Not here the guns and bayonets,
the barbed and twisted wire;
the trenches and the foxholes,
the bombs and bloody mire.
This is another battle
with harbingers of death
and regiments are fighting
with every living breath.
For everyone’s a hero
who has served and played their part,
the front line and the rearguard,
with mind and soul and heart.
Yet, though they’ve been applauded
and we have stood in awe,
crisis followed crisis ...
how could they take much more?
But, from new depths of duty,
compassion found a way
and hope shone through the rainbow
as night gave way to day.
Our Majesty now takes the lead
and with her we confess
our deepest debt of gratitude
to our great NHS.
This song began life as a result of a mountain top (for want of a better word) rant at God. I had been feeling pretty low for some time and needed to vent some frustration at him which, I can imagine you thinking, was a bit arrogant and disrespectful. But I think there are enough Psalms and other parts of Scripture which show this to be something that God understands and, perhaps, even encourages if it means we are being honest with him. I believe he blesses such openness and does respond with grace and mercy. That was certainly true in my case as he put my grievances in perspective and reminded me of his unfailing and steadfast love and compassion for me, despite all my failures and inadequacies.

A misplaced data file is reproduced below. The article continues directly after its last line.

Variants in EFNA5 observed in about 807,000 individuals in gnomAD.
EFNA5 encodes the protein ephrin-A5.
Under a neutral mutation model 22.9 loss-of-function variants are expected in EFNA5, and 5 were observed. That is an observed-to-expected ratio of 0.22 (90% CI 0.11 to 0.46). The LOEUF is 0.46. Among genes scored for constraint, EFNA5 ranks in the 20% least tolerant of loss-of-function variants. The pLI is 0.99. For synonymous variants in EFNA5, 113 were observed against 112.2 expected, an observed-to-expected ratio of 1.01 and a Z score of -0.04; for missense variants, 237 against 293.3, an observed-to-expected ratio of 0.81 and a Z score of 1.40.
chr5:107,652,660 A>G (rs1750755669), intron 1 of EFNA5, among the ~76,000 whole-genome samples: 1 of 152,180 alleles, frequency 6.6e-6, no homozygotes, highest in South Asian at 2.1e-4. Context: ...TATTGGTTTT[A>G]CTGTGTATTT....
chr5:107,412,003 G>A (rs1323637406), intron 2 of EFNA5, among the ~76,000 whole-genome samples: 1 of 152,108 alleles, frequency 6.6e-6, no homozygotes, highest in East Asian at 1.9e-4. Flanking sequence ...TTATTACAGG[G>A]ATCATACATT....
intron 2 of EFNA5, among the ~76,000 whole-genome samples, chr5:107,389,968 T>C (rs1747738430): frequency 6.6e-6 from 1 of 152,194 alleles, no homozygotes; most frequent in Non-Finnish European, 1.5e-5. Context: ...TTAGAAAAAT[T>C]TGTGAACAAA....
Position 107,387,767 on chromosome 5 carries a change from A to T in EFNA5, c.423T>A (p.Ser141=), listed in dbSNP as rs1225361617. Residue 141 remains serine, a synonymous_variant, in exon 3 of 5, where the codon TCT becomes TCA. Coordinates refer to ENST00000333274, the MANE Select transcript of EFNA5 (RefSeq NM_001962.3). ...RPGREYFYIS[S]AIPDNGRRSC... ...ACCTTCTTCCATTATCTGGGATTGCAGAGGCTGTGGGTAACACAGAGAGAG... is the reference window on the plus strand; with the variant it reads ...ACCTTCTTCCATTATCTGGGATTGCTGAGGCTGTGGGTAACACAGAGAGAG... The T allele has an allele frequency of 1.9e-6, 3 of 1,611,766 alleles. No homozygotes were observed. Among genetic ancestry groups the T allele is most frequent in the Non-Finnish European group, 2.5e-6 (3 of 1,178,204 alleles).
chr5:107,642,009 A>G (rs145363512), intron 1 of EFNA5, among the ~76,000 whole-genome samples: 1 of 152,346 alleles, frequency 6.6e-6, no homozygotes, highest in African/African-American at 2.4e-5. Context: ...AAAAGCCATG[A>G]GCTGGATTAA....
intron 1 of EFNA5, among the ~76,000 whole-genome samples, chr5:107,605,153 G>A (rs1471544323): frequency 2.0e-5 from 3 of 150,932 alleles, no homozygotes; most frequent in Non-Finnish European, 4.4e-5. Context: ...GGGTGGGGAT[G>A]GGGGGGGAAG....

So, as Psalm 23 explains, he will restore our souls … if we but ask …
When there’s darkness all around, when I walk on stony ground, when upon my knees I fall and I make that final call ...
Lord, restore my soul. Lord, restore my soul. Restore my soul.
When I feel so very tired, when my worship’s uninspired, when I lose my sight of you and I doubt the things you do ...
Lord, restore my soul ...
When I long for heaven’s rest, when I think I’ve done my best, when there’s more you ask from me and I cry, “O, let me be!” ...
About 28 years ago we went through a family experience that everyone dreads. Our youngest son (aged 2) was missing, on a dark, cold winter’s night.
It was two weeks before we were due to fly home on UK leave and Gail and I were attending a rare hospital meal at the restaurant. We had just ordered when I was called to a phone, someone was asking for me. It was about 7:30 pm.
The phone call was from our babysitter. She nervously explained that Gethin was ‘missing’. She had heard the back door and found it was open. She searched the house. She searched outside and called his name but couldn’t see or hear him. This was when she decided to call and tell me what had happened